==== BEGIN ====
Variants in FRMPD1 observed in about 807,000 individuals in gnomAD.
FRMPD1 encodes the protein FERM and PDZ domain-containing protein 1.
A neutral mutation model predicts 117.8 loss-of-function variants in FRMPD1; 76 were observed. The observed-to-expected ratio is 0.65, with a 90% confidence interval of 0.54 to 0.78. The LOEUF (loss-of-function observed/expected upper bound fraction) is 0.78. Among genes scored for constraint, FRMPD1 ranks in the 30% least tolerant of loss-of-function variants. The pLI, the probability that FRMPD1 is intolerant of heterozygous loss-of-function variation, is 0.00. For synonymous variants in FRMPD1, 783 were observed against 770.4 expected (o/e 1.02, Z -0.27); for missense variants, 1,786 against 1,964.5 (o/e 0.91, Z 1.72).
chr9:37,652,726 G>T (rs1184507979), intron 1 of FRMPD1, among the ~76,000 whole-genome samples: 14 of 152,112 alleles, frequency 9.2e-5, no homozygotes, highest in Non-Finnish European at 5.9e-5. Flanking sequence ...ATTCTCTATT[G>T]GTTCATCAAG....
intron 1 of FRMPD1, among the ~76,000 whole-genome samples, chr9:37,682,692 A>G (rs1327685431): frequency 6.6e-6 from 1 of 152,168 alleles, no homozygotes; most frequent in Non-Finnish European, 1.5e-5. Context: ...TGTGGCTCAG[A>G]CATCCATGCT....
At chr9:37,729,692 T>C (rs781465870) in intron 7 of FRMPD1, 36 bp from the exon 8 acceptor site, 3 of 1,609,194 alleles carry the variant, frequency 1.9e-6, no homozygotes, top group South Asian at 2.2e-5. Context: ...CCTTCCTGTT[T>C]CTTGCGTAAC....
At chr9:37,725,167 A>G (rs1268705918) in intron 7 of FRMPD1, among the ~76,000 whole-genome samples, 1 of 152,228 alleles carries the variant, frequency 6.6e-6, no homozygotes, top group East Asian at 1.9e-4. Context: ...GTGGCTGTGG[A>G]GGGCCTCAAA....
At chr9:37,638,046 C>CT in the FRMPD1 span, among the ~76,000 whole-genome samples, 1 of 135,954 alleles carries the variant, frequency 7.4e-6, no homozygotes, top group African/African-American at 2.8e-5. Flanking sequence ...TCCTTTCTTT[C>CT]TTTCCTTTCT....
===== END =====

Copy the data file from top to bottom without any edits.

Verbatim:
Variants in FRMPD1 observed in about 807,000 individuals in gnomAD.
FRMPD1 encodes the protein FERM and PDZ domain-containing protein 1.
A neutral mutation model predicts 117.8 loss-of-function variants in FRMPD1; 76 were observed. The observed-to-expected ratio is 0.65, with a 90% confidence interval of 0.54 to 0.78. The LOEUF (loss-of-function observed/expected upper bound fraction) is 0.78. Among genes scored for constraint, FRMPD1 ranks in the 30% least tolerant of loss-of-function variants. The pLI, the probability that FRMPD1 is intolerant of heterozygous loss-of-function variation, is 0.00. For synonymous variants in FRMPD1, 783 were observed against 770.4 expected (o/e 1.02, Z -0.27); for missense variants, 1,786 against 1,964.5 (o/e 0.91, Z 1.72).
chr9:37,652,726 G>T (rs1184507979), intron 1 of FRMPD1, among the ~76,000 whole-genome samples: 14 of 152,112 alleles, frequency 9.2e-5, no homozygotes, highest in Non-Finnish European at 5.9e-5. Flanking sequence ...ATTCTCTATT[G>T]GTTCATCAAG....
intron 1 of FRMPD1, among the ~76,000 whole-genome samples, chr9:37,682,692 A>G (rs1327685431): frequency 6.6e-6 from 1 of 152,168 alleles, no homozygotes; most frequent in Non-Finnish European, 1.5e-5. Context: ...TGTGGCTCAG[A>G]CATCCATGCT....
At chr9:37,729,692 T>C (rs781465870) in intron 7 of FRMPD1, 36 bp from the exon 8 acceptor site, 3 of 1,609,194 alleles carry the variant, frequency 1.9e-6, no homozygotes, top group South Asian at 2.2e-5. Context: ...CCTTCCTGTT[T>C]CTTGCGTAAC....
At chr9:37,725,167 A>G (rs1268705918) in intron 7 of FRMPD1, among the ~76,000 whole-genome samples, 1 of 152,228 alleles carries the variant, frequency 6.6e-6, no homozygotes, top group East Asian at 1.9e-4. Context: ...GTGGCTGTGG[A>G]GGGCCTCAAA....
At chr9:37,638,046 C>CT in the FRMPD1 span, among the ~76,000 whole-genome samples, 1 of 135,954 alleles carries the variant, frequency 7.4e-6, no homozygotes, top group African/African-American at 2.8e-5. Flanking sequence ...TCCTTTCTTT[C>CT]TTTCCTTTCT....